from abroad and the UK just happens to be the largest donor. Of course wa
Mutharika has strengthened his country’s ties with China and Iran in a kind
of “Mugabesque Look-East Policy”. His admiration of Zimbabwe’s President
Robert Mugabe is an open secret. He named one of Malawi’s most important
roads after Mugabe.
But the recent turn of events in Malawi should be worrisome for the rest of
the continent. The fact that Malawi is turning back the hands of time and
throwing the southern African sub-continent back to the Kamuzu Banda days
should worry not only Malawians but everyone else in the region. The
democratic movement has suffered a body blow and in countries such as
Zimbabwe where steps towards democratic change have met intractable hurdles
the blow cannot be more debilitating.
When perceived advocates of democratic change turn into despots all those
who believe in the democratic process not only lose their morale but feel
betrayed by pretenders masquerading as champions of people’s rights.
Wa Mutharika is hardly the only pyseudo-democrat in sub-Saharan Africa who
has betrayed his own people when the democratic process turns against him.
We saw recently how the Ivory Coast’s Laurent Gbagbo was pulled like a mouse
out of a bunker for refusing to surrender power after losing an election.
It must be remembered that Gbagbo was the staunchest advocate of democracy
in fighting the entrenched dictatorship of the Ivorian founding father Félix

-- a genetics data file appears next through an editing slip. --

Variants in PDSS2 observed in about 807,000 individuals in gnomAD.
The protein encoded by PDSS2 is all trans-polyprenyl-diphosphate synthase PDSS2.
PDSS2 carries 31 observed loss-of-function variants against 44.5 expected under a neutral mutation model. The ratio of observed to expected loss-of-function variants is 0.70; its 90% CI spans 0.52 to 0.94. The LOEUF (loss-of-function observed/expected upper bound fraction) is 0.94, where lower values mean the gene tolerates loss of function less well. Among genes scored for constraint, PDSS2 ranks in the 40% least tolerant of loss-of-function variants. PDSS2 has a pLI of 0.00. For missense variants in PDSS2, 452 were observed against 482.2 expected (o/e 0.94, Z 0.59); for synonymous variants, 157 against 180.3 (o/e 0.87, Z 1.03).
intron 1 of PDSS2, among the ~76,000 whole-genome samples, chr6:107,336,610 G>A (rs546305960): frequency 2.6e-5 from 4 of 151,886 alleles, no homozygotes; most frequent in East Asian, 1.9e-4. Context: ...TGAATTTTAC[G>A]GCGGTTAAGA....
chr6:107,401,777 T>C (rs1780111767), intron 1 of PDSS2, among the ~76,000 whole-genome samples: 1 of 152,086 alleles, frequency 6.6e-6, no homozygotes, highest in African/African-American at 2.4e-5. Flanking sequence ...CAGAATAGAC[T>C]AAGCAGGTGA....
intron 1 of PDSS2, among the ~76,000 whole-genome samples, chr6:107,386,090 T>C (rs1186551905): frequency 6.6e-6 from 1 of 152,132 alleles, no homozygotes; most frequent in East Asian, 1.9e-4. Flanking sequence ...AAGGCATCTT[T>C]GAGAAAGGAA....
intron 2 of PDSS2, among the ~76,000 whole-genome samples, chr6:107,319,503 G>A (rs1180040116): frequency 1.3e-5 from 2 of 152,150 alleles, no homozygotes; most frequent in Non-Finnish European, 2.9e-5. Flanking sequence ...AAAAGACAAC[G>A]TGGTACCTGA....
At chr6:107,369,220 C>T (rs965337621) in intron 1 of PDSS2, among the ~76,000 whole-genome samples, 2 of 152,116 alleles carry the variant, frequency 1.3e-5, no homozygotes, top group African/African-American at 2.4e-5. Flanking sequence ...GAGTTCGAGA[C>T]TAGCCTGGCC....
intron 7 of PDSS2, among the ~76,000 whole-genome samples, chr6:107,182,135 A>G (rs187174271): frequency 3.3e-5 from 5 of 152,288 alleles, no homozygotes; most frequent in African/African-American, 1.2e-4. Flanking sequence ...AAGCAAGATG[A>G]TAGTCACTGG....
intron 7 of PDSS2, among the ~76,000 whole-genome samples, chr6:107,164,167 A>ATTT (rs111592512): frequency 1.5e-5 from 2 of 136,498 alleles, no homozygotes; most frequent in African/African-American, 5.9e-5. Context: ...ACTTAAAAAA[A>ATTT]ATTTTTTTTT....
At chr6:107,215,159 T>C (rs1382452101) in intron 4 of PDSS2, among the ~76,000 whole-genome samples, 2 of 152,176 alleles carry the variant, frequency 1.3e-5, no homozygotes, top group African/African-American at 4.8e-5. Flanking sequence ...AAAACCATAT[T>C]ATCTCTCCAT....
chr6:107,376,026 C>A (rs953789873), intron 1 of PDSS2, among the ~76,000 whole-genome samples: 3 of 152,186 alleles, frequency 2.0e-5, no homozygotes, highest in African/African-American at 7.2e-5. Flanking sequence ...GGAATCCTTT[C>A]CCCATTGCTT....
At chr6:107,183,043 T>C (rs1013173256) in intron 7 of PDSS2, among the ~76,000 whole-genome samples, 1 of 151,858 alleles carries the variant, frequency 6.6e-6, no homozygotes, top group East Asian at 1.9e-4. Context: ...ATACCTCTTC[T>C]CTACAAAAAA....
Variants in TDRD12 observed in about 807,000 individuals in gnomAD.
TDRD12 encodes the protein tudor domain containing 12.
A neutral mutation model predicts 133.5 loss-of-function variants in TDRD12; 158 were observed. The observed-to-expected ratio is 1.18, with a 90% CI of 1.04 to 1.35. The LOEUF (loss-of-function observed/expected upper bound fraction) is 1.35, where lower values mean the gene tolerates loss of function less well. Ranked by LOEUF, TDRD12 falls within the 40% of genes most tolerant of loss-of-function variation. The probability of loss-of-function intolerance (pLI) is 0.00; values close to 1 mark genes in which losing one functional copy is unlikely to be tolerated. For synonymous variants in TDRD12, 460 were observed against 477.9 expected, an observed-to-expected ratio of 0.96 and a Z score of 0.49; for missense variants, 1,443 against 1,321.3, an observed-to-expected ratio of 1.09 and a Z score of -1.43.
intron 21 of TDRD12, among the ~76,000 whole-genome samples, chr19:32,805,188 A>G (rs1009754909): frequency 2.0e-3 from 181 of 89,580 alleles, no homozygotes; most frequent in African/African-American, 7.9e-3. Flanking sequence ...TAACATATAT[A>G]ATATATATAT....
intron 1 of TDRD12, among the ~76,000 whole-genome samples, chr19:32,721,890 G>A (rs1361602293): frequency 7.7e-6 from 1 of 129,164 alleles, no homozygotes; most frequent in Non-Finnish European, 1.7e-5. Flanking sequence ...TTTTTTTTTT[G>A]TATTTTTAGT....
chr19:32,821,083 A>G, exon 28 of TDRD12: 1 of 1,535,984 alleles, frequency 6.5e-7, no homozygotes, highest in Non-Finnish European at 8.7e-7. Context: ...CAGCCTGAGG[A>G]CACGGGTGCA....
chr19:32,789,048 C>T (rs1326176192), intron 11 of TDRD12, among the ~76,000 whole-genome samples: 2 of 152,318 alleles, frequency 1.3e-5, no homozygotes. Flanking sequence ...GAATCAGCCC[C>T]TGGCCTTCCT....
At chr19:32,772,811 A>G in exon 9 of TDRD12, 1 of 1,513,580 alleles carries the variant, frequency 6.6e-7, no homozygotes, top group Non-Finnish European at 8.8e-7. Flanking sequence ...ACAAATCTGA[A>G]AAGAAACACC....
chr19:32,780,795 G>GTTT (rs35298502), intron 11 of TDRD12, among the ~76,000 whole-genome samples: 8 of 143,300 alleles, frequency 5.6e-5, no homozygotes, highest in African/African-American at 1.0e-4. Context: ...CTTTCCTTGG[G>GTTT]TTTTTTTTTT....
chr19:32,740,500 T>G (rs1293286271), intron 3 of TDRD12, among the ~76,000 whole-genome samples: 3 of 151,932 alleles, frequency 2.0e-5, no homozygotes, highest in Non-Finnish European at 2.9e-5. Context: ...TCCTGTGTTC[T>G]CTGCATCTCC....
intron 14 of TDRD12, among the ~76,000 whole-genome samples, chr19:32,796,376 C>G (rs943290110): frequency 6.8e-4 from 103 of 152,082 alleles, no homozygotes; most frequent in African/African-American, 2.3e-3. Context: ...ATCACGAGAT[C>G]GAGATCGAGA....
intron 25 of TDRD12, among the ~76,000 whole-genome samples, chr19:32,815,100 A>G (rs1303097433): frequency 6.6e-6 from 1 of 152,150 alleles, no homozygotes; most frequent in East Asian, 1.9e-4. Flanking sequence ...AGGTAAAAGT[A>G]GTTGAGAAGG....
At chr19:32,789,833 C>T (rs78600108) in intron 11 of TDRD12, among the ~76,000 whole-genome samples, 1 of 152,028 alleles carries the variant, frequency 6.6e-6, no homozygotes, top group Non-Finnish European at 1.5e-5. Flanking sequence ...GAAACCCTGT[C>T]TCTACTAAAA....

Houphouët-Boigny who ruled the country from independence in 1960 to 1993.
According to biographers Gbagbo was imprisoned in the early 1970s and again
in the early 1990s, and he lived in exile in France during much of the 1980s
as a result of his union activism.
His about-turn therefore can only be described as shocking.
Wa Mutharika has never really been democratic but fate thrust democracy upon
him. Historians say wa Mutharika was actually a beneficiary of Banda’s
development programmes. In 1964 — shortly after what was dubbed Cabinet
Crisis, wa Mutharika was one of the 32 Malawians, selected by Banda to
travel to India on a scholarship for “fast track” diplomas and possible
posting into the then white-dominated civil service. In other words, wa
Mutharika did not go into exile in reaction to the political crisis in
Malawi but as a beneficiary of it.
According to online publications wa Mutharika has upheld the memory of Banda
as a national hero, saying that he would continue Banda’s work. In September
2004, he restored Banda’s name to the national stadium, the central
hospital, and the international airport; Muluzi had removed Banda’s name
from all three places. Wa Mutharika was present at the May 2006 unveiling of
a mausoleum for Banda that cost US$620 000.
He also has his own delusions of grandeur. He has built a white marble
mausoleum for his late first wife Zimbabwean-born Ethel Zvauya in imitation
of Mughal emperor Shah Jahan who built the Taj Mahal in memory of his third
wife, Mumtaz Mahal.
The lesson to learn from the Malawian debacle is that there are many false
prophets on the road to true democratisation. Checks and balances should be
put in place to prevent them from assuming power.